Next Generation Farming

Egg Illness Drums Up More Consumer Myths

Free range eggs no safer or humane than conventional eggs.

Thanks to the recall of hundreds of millions eggs from the now infamous chicken farms in Iowa, consumers are falling prey to the belief that paying more for eggs that are free-range, organic or local means they are getting a safer product.

Nothing could be further from the truth.

They face the same or greater risk of contamination as any other egg. Nonetheless, demand for organic and free-range eggs has shot through the roof as consumers run scared from conventionally farmed eggs.
 
The fear is widespread. Here are some of the online comments from an NPR story on the egg recall (Some of them I’m still struggling to make sense of.):

“The salmonella in this egg scare is found INSIDE the eggs...the result of MONSANTO feed, GMO grains with antibiotic marker genes.”

“It's like the food industry and agribusiness don't have dirty secrets -- they ARE a dirty secret.”

“How could you expect a giant silo full of HOT chicken feed NOT to contain bacteria? Unless you thought it contained sufficient antibiotics?”

And here are comments from the discussion of a CBS News story:

“Lots of people sell pastured eggs on craigslist. Not always are they certified organic, but they are raised humanely and as nature intended. NOT in battery cages eating crap and suffering miserably.”

“Profit is the bottom line, not food safety or animal comfort. Millions of chickens are crammed into tiny cages that never see the light of day resulting in overcrowding which leads to unsanitary conditions. Do yourself a favor and watch the movie "Food, Inc." and have your eyes opened! Buy organic, free range and where possible, buy locally. And support laws that protect farm animals. Shouldn't be too hard to figure out that happy, healthy animals produce safe and healthy food.”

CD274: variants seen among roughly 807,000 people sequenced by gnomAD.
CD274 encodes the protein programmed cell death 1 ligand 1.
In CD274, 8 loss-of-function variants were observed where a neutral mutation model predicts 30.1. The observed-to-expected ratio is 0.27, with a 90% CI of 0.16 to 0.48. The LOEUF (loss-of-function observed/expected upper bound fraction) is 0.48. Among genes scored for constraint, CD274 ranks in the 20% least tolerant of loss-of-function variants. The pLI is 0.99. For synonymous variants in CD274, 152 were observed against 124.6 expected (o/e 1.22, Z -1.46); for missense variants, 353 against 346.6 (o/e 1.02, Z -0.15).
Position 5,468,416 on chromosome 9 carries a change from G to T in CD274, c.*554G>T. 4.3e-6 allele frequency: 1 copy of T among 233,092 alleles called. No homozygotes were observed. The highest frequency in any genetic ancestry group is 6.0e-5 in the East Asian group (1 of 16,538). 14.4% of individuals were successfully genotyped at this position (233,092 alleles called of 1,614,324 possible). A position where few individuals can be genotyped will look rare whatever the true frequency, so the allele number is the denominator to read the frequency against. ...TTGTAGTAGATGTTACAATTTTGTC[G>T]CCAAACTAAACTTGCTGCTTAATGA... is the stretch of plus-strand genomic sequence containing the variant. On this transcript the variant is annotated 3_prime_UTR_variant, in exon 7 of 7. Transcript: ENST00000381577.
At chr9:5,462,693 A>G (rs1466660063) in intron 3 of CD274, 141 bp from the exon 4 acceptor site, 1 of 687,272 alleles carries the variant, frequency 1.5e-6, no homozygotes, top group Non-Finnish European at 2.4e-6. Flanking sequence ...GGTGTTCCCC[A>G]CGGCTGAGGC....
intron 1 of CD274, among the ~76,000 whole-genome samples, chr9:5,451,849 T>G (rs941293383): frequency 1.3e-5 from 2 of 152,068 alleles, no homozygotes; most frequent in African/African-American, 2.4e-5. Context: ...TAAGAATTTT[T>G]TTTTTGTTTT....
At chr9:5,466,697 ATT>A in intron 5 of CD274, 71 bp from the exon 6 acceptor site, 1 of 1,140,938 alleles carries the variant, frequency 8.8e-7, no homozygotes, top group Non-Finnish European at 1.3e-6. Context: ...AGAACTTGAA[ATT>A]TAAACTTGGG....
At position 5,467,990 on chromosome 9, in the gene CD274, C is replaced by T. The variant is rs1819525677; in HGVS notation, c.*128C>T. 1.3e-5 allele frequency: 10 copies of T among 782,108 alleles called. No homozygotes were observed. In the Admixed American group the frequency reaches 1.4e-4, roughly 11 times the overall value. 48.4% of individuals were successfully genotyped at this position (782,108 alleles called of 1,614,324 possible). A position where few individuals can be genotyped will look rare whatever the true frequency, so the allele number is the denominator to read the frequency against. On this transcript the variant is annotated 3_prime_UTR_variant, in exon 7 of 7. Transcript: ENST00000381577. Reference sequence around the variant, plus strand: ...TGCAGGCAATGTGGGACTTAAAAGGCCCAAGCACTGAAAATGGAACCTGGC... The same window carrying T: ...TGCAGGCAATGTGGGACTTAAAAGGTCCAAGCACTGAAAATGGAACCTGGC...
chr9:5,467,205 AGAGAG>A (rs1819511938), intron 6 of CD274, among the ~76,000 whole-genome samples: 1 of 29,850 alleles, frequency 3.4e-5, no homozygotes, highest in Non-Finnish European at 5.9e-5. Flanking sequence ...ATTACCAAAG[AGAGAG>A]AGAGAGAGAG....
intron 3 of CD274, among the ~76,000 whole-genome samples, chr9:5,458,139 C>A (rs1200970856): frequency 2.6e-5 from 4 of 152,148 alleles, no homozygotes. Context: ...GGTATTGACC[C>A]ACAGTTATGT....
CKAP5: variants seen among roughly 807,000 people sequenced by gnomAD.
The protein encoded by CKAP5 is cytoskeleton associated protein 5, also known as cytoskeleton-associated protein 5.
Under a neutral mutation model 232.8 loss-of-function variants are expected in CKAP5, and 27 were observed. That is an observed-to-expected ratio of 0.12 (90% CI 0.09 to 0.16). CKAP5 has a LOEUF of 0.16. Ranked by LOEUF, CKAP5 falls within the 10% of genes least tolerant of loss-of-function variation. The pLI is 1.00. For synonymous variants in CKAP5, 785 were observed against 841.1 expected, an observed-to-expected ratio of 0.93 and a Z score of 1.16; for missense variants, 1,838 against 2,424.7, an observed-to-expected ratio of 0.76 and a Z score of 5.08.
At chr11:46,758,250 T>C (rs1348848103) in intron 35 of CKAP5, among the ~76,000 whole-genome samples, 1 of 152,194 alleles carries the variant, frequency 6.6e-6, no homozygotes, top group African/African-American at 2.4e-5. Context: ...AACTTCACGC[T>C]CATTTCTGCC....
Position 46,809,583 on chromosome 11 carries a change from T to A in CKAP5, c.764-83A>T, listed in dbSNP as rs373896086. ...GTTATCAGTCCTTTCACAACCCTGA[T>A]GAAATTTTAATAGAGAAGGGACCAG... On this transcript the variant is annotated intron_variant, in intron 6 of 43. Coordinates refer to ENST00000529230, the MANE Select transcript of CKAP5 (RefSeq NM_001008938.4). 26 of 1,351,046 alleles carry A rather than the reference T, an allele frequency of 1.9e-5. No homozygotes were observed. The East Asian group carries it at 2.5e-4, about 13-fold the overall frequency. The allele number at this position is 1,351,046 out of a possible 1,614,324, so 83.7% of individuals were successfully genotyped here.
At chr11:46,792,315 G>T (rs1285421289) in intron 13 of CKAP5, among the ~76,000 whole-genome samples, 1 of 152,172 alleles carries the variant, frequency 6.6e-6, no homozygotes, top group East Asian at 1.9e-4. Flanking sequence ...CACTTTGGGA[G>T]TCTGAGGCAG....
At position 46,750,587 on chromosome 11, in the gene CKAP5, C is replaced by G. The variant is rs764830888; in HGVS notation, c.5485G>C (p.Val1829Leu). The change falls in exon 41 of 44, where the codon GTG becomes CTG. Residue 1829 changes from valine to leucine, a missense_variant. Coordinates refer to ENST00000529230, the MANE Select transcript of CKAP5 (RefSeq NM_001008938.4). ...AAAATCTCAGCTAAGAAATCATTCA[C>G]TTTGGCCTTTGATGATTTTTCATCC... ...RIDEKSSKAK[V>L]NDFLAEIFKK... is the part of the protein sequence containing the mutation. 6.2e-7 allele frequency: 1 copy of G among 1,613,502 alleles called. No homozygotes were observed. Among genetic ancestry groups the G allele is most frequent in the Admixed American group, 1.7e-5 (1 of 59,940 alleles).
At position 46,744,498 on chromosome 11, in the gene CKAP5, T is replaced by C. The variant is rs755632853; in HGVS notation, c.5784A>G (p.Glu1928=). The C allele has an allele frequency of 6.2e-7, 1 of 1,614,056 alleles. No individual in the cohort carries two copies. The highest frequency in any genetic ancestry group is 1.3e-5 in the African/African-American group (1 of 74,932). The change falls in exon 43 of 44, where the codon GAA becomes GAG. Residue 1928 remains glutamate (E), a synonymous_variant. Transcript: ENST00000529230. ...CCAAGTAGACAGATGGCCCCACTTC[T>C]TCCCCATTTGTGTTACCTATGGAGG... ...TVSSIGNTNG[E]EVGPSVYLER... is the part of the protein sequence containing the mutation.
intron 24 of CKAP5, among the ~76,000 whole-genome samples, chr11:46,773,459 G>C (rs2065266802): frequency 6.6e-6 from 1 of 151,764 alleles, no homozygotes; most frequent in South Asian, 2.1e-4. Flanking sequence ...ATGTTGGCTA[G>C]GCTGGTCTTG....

“The egg factories have all but eliminated the small, local poultry and egg farmer. The little fellow used to raise his chickens in the fresh air and sunshine.”

HSUS weighs in The Humane Society of the United States, of course, added their two cents and asserted that housing chickens is unsanitary and that "cramming 100,000 birds or more under a single roof in tiny battery cages" creates a large amount of contaminated airborne fecal dust, which then spreads salmonella among birds.

I’ve found all this quite entertaining. We have a small flock of 20 free-range chickens on our farm, and “unsanitary” is an understatement. We regularly have to wash manure off the eggs after they’ve been picked from their nests on the floor of the barn, and the chickens frequently root through other animals’ manure or whatever else they come across.

 

As for inhumane housing of chickens in cages, free-range is no viable alternative in our experience, especially after watching chickens enforce pecking order and mercilessly inflict pain on those lowest on the social ladder. Newborn chicks are also easy prey for predators, such as a local horned owl that has made a meal out of almost every chick born in the last few weeks at my parent’s farm.

Having this knowledge, our chickens would definitely be housed and segregated if we were in the commercial egg business.

Of course, I am by no means giving a pass for the bad management at Wright County Egg and Hillandale Farms – the producers guilty for sickening over 1,500 people with salmonella. But paying double the price for eggs because they were grown locally or free-range just doesn’t make any sense (Unless you’re buying for nutritional value. According to one private study, free-range eggs may be more nutritious than conventional eggs.)

But when it comes to safety, about the only thing that really makes sense if you want to stop salmonella is pretty simple: Cook your food. You can forget buying local or organic.

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